W.A.Mozart: Piano Concertos Nos. 19 & 23 / Ronald Brautigam (2013) [Official Digital Download 24bit/96kHz]

W.A.Mozart: Piano Concertos Nos. 19 & 23 / Ronald Brautigam (2013)
FLAC (tracks) 24 bit/96 kHz | Time – 50:00 minutes | 888 MB
Official Digital Download – Source: eClassical.com | Digital Booklet

In just two years, between 1784 and 1786, Mozart composed no less than twelve piano concertos – a staggering number. Often described as one of the most light-hearted and buoyant among these is the Concerto in F major K459, sometimes called ‘the second Coronation Concerto’. The nickname comes from the fact that Mozart would later choose to perform it, along with the ‘Coronation Concerto’ in D major, during the festivities surrounding the coronation of Emperor Leopold II in Frankfurt-am-Main in 1790. Its companion work on this fourth disc in Ronald Brautigam’s survey hails from the same period: begun in 1784, the Concerto in A major K488 was completed in March 1786, at the same time as Mozart was putting the finishing touches to his opera Le nozze di Figaro. It is one of only three piano concertos in which Mozart uses clarinets in the orchestra, resulting in a very particular sound world, especially in the magical slow movement. Mozart clearly held the work in high regard, and described it as one of his most select compositions ‘which I keep just for myself and an élite circle of music lovers’, and later audiences have agreed with him. Ronald Brautigam has been described as ‘an absolutely instinctive Mozartian… with melodic playing of consummate beauty’ (International Record Review), and he is once again supported by the period orchestra Die Kölner Akademie conducted by Michael Alexander Willens in a partnership which more than one reviewer has termed ‘ideal’. (more…)

Amandine Beyer – J.S. Bach: Sonatas & Partitas BWV 1001-1006 (2011) [Official Digital Download 24bit/96kHz]

Amandine Beyer – J.S. Bach: Sonatas & Partitas BWV 1001-1006 (2011)
FLAC (tracks) 24 bit/96 kHz | Time – 151:32 minutes | 1,59 GB
Official Digital Download – Source: Qobuz.com | Digital booklet

After The Four Seasons, the Bach violin concertos, and the sonatas of Matteis, Amandine Beyer presents her vision of the Sonatas and Partitas, one of the pillars of the repertoire, coupled with the solo sonata of Pisendel, the best-known German violinist of his generation, who met Bach at Weimar. (more…)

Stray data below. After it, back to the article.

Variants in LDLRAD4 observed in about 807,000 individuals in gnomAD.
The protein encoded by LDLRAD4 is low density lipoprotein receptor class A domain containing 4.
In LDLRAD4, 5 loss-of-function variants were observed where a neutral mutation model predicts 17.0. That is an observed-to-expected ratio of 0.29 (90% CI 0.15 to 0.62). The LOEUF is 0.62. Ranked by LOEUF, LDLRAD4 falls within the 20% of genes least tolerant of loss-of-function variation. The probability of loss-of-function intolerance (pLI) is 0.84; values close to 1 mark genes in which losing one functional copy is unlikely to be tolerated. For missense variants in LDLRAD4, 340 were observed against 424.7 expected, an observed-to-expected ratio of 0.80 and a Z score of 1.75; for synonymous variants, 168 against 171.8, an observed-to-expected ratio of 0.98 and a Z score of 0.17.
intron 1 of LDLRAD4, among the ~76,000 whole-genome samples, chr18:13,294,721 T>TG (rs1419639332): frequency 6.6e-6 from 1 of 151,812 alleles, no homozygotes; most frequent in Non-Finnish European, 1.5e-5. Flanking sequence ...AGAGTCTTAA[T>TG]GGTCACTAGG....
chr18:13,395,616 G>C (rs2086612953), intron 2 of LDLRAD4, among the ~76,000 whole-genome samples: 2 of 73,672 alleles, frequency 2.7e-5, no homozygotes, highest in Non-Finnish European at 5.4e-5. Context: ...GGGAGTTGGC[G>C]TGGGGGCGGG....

Sly & The Family Stone – There’s A Riot Goin’ On (1971/2013) [Official Digital Download 24bit/176,4kHz]

Sly & The Family Stone – There’s A Riot Goin’ On (1971/2013)
FLAC (tracks) 24 bit/176,4 kHz | Time – 48:06 minutes | 2,19 GB
Official Digital Download – Source: HDTracks.com | Front sleeve

There’s a Riot Goin’ On has been declared by critics as one of the greatest and most influential albums ever recorded, predating sounds found in future groundbreaking albums such as Exile on Main St. and Velvet Underground and Nico. It was a complete change in directino from the high-energy pop-funk singles that were found on earlier records like Stand!. It has been considered to be one of the first instances of the type of funk music later popularized by George Clinton/Funkadelic and the Ohio Players. The records that followed There’s a Riot Goin’ On are considered to be some of the first and best examples of mature funk music, and the album has inspired musicians from a multitude of backgrounds since its initial release.

There’s a Riot Goin’ On is Sly & The Family Stone’s fifth studio album, released on November 20, 1971. It was recorded primarily in 1970 and 1971 at Record Plant Studios in Sausalito, California. Unlike their previous albums, There’s a Riot Goin’ On is more funk oriented and had a darker mood. The title was given to the record as a response to Marvin Gaye’s album What’s Going On, which was released five months previous.

The album debuted at number one on the Billboard Pop Albums and Soul Albums charts immediately upon its release, and the album’s single “Family Affair” shot to the top of the Pop Singles chart. There’s a Riot Goin’ On was certified Gold by the RIAA in 1972, and went on to ship 1 million copies.

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